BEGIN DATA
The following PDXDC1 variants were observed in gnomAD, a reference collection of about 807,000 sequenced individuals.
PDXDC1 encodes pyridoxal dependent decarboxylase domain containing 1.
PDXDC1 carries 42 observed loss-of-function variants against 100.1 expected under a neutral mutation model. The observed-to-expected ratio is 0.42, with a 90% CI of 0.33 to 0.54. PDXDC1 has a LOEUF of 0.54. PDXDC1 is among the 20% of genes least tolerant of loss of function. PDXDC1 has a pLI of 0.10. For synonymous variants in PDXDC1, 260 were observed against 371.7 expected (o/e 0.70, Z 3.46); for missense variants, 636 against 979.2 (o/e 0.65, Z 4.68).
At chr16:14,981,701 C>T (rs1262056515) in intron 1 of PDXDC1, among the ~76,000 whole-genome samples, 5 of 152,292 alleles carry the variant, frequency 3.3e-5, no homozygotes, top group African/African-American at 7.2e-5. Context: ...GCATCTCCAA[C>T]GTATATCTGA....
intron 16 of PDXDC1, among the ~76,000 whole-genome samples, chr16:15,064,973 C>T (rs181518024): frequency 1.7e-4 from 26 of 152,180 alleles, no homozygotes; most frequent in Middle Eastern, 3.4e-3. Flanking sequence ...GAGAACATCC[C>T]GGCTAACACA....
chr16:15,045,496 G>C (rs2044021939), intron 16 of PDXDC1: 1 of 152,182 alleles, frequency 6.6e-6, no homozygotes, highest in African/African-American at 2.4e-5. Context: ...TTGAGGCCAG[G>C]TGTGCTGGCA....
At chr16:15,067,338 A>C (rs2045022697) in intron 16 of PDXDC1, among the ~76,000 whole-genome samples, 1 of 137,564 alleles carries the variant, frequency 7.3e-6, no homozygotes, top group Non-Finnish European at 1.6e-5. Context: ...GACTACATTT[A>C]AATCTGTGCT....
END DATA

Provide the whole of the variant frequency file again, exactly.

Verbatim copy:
The following PDXDC1 variants were observed in gnomAD, a reference collection of about 807,000 sequenced individuals.
PDXDC1 encodes pyridoxal dependent decarboxylase domain containing 1.
PDXDC1 carries 42 observed loss-of-function variants against 100.1 expected under a neutral mutation model. The observed-to-expected ratio is 0.42, with a 90% CI of 0.33 to 0.54. PDXDC1 has a LOEUF of 0.54. PDXDC1 is among the 20% of genes least tolerant of loss of function. PDXDC1 has a pLI of 0.10. For synonymous variants in PDXDC1, 260 were observed against 371.7 expected (o/e 0.70, Z 3.46); for missense variants, 636 against 979.2 (o/e 0.65, Z 4.68).
At chr16:14,981,701 C>T (rs1262056515) in intron 1 of PDXDC1, among the ~76,000 whole-genome samples, 5 of 152,292 alleles carry the variant, frequency 3.3e-5, no homozygotes, top group African/African-American at 7.2e-5. Context: ...GCATCTCCAA[C>T]GTATATCTGA....
intron 16 of PDXDC1, among the ~76,000 whole-genome samples, chr16:15,064,973 C>T (rs181518024): frequency 1.7e-4 from 26 of 152,180 alleles, no homozygotes; most frequent in Middle Eastern, 3.4e-3. Flanking sequence ...GAGAACATCC[C>T]GGCTAACACA....
chr16:15,045,496 G>C (rs2044021939), intron 16 of PDXDC1: 1 of 152,182 alleles, frequency 6.6e-6, no homozygotes, highest in African/African-American at 2.4e-5. Context: ...TTGAGGCCAG[G>C]TGTGCTGGCA....
At chr16:15,067,338 A>C (rs2045022697) in intron 16 of PDXDC1, among the ~76,000 whole-genome samples, 1 of 137,564 alleles carries the variant, frequency 7.3e-6, no homozygotes, top group Non-Finnish European at 1.6e-5. Context: ...GACTACATTT[A>C]AATCTGTGCT....